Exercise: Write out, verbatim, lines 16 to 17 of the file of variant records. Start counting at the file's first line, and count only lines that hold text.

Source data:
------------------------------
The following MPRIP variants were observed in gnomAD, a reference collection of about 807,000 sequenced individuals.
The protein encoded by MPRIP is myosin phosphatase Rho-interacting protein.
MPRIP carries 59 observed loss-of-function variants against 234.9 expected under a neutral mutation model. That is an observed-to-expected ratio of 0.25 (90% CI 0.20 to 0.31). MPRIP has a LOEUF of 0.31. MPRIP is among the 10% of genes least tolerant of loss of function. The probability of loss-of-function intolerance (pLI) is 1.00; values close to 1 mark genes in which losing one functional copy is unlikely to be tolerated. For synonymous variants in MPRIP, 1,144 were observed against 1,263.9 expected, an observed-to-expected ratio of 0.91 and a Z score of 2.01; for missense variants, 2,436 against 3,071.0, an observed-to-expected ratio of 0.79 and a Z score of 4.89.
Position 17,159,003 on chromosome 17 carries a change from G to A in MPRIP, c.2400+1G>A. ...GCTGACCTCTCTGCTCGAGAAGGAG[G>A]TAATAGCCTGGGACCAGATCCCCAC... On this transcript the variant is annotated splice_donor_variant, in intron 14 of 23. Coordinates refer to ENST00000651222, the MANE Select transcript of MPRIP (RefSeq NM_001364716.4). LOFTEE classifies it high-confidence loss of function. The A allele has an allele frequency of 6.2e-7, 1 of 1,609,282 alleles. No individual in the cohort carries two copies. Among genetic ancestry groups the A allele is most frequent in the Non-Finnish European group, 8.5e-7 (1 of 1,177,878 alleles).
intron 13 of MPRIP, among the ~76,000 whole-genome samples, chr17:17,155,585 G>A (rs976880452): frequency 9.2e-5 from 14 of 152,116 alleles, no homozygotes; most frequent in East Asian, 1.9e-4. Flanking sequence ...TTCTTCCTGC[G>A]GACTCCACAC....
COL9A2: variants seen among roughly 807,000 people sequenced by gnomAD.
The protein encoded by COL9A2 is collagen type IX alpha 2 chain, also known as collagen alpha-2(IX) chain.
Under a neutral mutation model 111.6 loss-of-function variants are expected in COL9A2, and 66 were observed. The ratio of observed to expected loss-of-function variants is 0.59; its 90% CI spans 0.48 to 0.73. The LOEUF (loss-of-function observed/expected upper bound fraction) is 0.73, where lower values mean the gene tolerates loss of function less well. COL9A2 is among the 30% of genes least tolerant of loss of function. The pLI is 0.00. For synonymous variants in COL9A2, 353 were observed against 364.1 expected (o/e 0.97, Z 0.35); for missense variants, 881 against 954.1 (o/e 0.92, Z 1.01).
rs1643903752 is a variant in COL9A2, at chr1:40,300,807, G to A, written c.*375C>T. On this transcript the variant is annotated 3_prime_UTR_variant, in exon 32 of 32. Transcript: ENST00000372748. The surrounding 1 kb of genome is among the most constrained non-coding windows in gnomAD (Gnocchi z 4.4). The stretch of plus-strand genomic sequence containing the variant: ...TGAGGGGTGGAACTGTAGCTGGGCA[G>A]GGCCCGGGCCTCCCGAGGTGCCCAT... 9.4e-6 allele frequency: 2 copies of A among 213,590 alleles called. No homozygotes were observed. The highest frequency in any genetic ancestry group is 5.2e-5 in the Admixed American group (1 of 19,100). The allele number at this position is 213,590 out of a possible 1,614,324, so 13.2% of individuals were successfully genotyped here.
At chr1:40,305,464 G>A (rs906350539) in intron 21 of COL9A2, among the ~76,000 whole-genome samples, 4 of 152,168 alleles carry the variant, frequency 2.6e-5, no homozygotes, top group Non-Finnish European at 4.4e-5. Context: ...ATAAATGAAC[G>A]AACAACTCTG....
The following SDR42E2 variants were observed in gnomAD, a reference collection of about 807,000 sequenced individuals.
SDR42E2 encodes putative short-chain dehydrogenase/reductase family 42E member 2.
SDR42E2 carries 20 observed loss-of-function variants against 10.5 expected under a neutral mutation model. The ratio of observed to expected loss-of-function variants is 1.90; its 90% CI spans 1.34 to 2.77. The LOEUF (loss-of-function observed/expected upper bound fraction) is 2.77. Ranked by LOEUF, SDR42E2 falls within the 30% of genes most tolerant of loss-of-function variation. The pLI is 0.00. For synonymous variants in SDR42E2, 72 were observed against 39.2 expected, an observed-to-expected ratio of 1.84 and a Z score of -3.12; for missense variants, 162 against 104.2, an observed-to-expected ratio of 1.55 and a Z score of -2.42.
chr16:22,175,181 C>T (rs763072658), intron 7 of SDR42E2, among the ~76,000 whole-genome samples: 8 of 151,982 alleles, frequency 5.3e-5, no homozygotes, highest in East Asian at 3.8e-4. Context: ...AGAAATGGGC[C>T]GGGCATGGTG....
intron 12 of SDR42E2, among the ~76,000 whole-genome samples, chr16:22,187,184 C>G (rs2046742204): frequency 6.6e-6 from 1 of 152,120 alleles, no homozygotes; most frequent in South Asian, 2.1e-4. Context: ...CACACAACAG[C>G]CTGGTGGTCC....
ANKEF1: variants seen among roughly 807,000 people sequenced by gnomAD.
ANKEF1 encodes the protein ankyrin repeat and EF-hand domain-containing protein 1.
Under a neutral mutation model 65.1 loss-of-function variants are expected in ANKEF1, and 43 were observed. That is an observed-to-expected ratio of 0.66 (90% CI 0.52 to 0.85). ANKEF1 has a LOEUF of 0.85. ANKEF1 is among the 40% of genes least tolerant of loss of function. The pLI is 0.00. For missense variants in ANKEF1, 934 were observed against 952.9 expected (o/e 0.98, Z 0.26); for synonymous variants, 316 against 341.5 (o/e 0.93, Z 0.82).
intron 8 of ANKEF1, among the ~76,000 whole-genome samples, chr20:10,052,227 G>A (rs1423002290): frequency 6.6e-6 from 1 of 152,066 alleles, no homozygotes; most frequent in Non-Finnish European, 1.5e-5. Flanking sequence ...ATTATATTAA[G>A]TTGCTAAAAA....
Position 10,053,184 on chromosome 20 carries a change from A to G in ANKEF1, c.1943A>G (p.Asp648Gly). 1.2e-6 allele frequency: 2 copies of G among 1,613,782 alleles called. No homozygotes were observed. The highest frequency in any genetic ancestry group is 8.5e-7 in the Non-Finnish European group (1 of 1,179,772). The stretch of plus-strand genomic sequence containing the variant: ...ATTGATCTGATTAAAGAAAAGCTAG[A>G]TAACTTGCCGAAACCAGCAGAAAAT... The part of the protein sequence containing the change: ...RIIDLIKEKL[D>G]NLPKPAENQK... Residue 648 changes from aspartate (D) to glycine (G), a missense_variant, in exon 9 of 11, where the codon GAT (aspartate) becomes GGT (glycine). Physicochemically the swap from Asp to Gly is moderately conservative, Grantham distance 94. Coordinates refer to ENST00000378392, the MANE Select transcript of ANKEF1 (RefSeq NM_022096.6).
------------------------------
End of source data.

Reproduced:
ANKEF1: variants seen among roughly 807,000 people sequenced by gnomAD.
ANKEF1 encodes the protein ankyrin repeat and EF-hand domain-containing protein 1.